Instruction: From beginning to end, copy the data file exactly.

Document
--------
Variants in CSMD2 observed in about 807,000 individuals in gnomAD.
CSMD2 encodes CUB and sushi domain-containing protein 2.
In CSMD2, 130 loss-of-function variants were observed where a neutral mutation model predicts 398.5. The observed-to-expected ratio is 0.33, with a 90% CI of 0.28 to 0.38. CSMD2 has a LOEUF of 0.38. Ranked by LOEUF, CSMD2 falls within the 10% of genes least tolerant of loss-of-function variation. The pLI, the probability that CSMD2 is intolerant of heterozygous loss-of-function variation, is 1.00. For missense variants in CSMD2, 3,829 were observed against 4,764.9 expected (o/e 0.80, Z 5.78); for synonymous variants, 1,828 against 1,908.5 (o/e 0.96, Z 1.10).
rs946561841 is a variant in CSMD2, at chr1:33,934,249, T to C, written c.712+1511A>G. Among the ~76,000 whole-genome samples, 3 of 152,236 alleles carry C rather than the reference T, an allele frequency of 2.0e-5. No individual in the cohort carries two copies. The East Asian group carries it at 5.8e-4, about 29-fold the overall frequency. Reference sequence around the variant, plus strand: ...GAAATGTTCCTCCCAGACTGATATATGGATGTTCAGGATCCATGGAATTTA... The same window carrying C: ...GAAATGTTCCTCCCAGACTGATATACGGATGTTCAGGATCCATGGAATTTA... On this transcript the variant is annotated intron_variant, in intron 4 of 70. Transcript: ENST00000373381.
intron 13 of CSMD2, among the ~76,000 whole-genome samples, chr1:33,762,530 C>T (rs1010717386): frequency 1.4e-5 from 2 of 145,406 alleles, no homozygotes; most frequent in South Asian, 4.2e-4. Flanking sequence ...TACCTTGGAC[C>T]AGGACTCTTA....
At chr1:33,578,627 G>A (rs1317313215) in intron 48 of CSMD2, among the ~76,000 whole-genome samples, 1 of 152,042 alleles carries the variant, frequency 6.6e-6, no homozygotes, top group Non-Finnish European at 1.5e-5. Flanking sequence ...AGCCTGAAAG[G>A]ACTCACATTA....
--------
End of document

Variants in CSMD2 observed in about 807,000 individuals in gnomAD.
CSMD2 encodes CUB and sushi domain-containing protein 2.
In CSMD2, 130 loss-of-function variants were observed where a neutral mutation model predicts 398.5. The observed-to-expected ratio is 0.33, with a 90% CI of 0.28 to 0.38. CSMD2 has a LOEUF of 0.38. Ranked by LOEUF, CSMD2 falls within the 10% of genes least tolerant of loss-of-function variation. The pLI, the probability that CSMD2 is intolerant of heterozygous loss-of-function variation, is 1.00. For missense variants in CSMD2, 3,829 were observed against 4,764.9 expected (o/e 0.80, Z 5.78); for synonymous variants, 1,828 against 1,908.5 (o/e 0.96, Z 1.10).
rs946561841 is a variant in CSMD2, at chr1:33,934,249, T to C, written c.712+1511A>G. Among the ~76,000 whole-genome samples, 3 of 152,236 alleles carry C rather than the reference T, an allele frequency of 2.0e-5. No individual in the cohort carries two copies. The East Asian group carries it at 5.8e-4, about 29-fold the overall frequency. Reference sequence around the variant, plus strand: ...GAAATGTTCCTCCCAGACTGATATATGGATGTTCAGGATCCATGGAATTTA... The same window carrying C: ...GAAATGTTCCTCCCAGACTGATATACGGATGTTCAGGATCCATGGAATTTA... On this transcript the variant is annotated intron_variant, in intron 4 of 70. Transcript: ENST00000373381.
intron 13 of CSMD2, among the ~76,000 whole-genome samples, chr1:33,762,530 C>T (rs1010717386): frequency 1.4e-5 from 2 of 145,406 alleles, no homozygotes; most frequent in South Asian, 4.2e-4. Flanking sequence ...TACCTTGGAC[C>T]AGGACTCTTA....
At chr1:33,578,627 G>A (rs1317313215) in intron 48 of CSMD2, among the ~76,000 whole-genome samples, 1 of 152,042 alleles carries the variant, frequency 6.6e-6, no homozygotes, top group Non-Finnish European at 1.5e-5. Flanking sequence ...AGCCTGAAAG[G>A]ACTCACATTA....